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Photoshop Vocabulary 101 for Digital Scrapbooking

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Before I can explain Photoshop Creative Cloud for digital scrapbooking, it helps to be familiar with all the terms and vocabulary we will be using in the tutorials we share here at Scrapvine.com.

So this post will be about the words and terms we use when using Photoshop so it will help avoid confusion later down the road. You can always print this out for reference also!

The Three Things to Know That Will Help You Get Started Quickly:

Layers:

Photoshop works in layers. The layer panel is located at the right bottom corner and looks something like this:

When you add objects in Photoshop (such as adding a photograph or paper or digital scrapbooking element) – each one will appear on a separate line (layer) and you can then do different things with the layers.

Understanding layers can be a little confusing at first, but once you get layers down you will be on your way to creating many, many wonderful digital scrapbooking layouts with many different layers of elements, papers, and photos!

Clipping Masks:

Clipping masks is another term you’ll here a lot when working with our digital scrapbooking tutorials here at Scrapvine. Basically a clipping mask is a group of layers where the top layers use the very bottom layer as a “mask” and it will take on the shape or properties of the bottom layer.

So for example, you might start with a flower shape as your bottom layer – you can then clip a photograph or paper to that flower shape and that photo/paper will take on the shape of the bottom layer of the flower.

Layer Styles:

Layer styles are a LOT of fun and can be used in both Photoshop Creative Cloud as well as Photoshop elements. In Photoshop Creative Cloud you can create your own layer styles and save and export them – in PSE you cannot do this but you can load layer styles and use them that way.

Layer styles are how you can add effects such as strokes (great for making a white border around photographs or text) – add beveling, drop shadows (which give a page depth), glow, and so much more!

Photoshop Tools Explained

Photoshop has a toolbar that looks like this in the upper left side of the software screen.

Each of these tools do different things and are a lot of fun to play with and can really help you take your photo editing and digital scrapbooking skills to a new level!

Selection Tools

The top two tools are selection tools. The square (shape selection tool) will let you draw a shape (such as a box or circle) around a part of your page or photograph and then when selecting the layer you can copy, cut, edit, paste, or even add effects or new layers from the selection.

The pointer selection tool is used to select a layer- and you will use that to click on and drag objects, photographs, and papers around on the screen. It is also used for rotating and resizing different layers. Some users may need to check the “auto select layers” box in the top left corner to make sure the pointer selection tool behaves the way they expect it to or adjust their settings.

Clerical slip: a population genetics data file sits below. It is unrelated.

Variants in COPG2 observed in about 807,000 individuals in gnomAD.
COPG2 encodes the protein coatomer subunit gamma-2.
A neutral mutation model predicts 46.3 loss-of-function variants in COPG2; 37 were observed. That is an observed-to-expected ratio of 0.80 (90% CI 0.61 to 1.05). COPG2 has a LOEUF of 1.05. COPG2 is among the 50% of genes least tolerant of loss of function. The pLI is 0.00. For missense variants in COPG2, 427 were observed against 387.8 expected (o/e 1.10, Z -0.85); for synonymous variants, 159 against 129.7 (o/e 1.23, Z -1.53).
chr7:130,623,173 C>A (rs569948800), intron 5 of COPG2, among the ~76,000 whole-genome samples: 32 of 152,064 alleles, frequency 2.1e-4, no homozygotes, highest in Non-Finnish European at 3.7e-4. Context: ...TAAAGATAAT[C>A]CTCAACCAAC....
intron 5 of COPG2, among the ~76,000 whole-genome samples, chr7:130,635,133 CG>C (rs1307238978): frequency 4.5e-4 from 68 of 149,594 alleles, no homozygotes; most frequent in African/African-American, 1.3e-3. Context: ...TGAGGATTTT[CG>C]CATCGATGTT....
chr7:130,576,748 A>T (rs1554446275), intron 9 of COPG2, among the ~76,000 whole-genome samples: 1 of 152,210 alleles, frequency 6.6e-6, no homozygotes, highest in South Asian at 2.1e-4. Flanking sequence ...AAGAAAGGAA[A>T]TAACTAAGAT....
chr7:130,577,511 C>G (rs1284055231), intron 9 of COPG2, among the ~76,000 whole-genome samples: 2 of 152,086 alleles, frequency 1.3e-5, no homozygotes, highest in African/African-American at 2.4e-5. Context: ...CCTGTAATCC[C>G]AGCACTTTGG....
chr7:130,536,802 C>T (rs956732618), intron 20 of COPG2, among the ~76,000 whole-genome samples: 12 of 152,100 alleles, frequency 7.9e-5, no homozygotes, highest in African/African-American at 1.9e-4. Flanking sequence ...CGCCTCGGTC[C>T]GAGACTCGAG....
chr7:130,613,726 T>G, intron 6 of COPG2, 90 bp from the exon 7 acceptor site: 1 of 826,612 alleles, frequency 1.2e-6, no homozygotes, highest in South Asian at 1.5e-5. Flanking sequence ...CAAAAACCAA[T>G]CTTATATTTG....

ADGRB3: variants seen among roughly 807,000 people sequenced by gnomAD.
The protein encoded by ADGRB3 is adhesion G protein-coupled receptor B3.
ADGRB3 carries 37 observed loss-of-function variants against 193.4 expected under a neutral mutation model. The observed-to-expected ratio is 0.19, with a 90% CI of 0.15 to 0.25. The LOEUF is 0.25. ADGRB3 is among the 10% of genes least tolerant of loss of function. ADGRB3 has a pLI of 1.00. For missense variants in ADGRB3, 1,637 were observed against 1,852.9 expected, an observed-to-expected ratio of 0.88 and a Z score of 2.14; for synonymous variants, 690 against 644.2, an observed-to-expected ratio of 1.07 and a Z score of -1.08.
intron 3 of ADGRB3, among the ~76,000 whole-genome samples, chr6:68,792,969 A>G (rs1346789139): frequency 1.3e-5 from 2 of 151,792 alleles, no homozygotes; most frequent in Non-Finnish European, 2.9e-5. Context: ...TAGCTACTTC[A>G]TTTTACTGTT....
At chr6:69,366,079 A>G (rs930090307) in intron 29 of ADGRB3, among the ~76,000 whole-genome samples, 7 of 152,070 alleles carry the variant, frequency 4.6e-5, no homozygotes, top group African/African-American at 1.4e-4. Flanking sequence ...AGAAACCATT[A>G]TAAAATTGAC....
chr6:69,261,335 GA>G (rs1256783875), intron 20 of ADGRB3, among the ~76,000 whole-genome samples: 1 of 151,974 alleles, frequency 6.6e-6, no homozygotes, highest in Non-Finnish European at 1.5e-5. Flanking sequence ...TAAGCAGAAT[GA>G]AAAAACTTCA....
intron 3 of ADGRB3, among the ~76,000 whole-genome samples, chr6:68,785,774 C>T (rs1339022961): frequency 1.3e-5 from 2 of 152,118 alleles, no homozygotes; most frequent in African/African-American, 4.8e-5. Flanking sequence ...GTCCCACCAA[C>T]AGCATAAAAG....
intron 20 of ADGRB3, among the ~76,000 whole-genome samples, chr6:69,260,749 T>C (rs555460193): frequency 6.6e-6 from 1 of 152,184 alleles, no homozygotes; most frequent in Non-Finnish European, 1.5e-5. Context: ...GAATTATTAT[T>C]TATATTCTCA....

Underneath the selection pointer tool is the “Magic Wand Tool” – you can use this to select parts of an image and what it does is select based on tone and color.


Other Tools to Experiment With:

Crop Tool: The box with a line through it is the crop tool. This does not crop layers, but the actual entire image canvas, so you’ll want to keep that in mind when using it.

Eyedropper Tool: The eyedropper tool is used for choosing a color from the photograph, papers, or elements in your layout – this selects the color and you can then use it to make your text or embellishments match that color or create your own color palettes using it.

Spot Healing/Red Eye Tool: Next we have the spot healing and red eye tool. You can use this to quickly and easily adjust blemishes, strange lens flares or fix red eye in your photographs.

Brush Tool: The brush tool is a lot of fun and can be used in so many different ways! Paint your own canvas, create “stamps”, or even do some fun photo editing with it! We have a few Photoshop brush sets here at Scrapvine – there are also many available online to download – you can even make your own!

Clone Stamp Tool: The Clone Stamp tool allows you to take a sample from the photograph and then “clone” from that sample. The clone tool is great for fixing spots or adjusting red eye or other things in your photograph.

Eraser Tool: The eraser tool allows you to quickly and easily erase portions or selections (using the Magic Eraser tool) of your photographs or embellishments on your page.

Gradient Tool: Quickly and easily allows you add a gradient to layers – very useful for some things!

Smudge/Blur/Sharpen Tools: This tool allows you to smudge sections, blur sections or sharpen sections of your photograph.

Dodge and Burn Tools: The dodge tool will allow you to lighten a portion of a photograph or page with a brush, while the burn tool does the opposite – it darkens a portion of the photograph or page.

Pen Tool: If you’ve ever wanted to extract a person or object from a photograph, the pen tool is a great way to get the precision you need!

Text Tool: The text tool allows you to add text to your page. Very useful for adding journaling, making your own word art, and more!

There are some other tools on the Photoshop toolbar panel, but these are the ones to at least know about in the very beginning!


As we write more digital scrapbooking tutorials here at Scrapvine we will definitely add more to this vocabulary list! However this for now should get you on the “fast track” to creating!

 

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